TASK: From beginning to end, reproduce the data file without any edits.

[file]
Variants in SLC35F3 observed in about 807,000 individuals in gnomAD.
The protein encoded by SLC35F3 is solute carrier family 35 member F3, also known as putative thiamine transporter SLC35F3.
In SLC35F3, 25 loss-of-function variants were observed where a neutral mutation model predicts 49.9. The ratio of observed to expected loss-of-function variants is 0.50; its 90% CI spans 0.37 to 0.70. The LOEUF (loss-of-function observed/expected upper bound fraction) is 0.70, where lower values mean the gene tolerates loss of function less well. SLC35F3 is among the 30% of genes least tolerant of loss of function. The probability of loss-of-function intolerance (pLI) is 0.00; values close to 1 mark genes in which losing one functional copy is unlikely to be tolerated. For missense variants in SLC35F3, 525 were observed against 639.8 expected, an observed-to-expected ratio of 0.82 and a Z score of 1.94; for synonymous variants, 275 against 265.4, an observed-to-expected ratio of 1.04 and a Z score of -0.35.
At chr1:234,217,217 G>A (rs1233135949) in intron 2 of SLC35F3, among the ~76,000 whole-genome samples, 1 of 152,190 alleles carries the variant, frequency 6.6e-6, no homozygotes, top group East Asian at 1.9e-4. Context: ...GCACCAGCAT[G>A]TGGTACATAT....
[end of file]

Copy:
Variants in SLC35F3 observed in about 807,000 individuals in gnomAD.
The protein encoded by SLC35F3 is solute carrier family 35 member F3, also known as putative thiamine transporter SLC35F3.
In SLC35F3, 25 loss-of-function variants were observed where a neutral mutation model predicts 49.9. The ratio of observed to expected loss-of-function variants is 0.50; its 90% CI spans 0.37 to 0.70. The LOEUF (loss-of-function observed/expected upper bound fraction) is 0.70, where lower values mean the gene tolerates loss of function less well. SLC35F3 is among the 30% of genes least tolerant of loss of function. The probability of loss-of-function intolerance (pLI) is 0.00; values close to 1 mark genes in which losing one functional copy is unlikely to be tolerated. For missense variants in SLC35F3, 525 were observed against 639.8 expected, an observed-to-expected ratio of 0.82 and a Z score of 1.94; for synonymous variants, 275 against 265.4, an observed-to-expected ratio of 1.04 and a Z score of -0.35.
At chr1:234,217,217 G>A (rs1233135949) in intron 2 of SLC35F3, among the ~76,000 whole-genome samples, 1 of 152,190 alleles carries the variant, frequency 6.6e-6, no homozygotes, top group East Asian at 1.9e-4. Context: ...GCACCAGCAT[G>A]TGGTACATAT....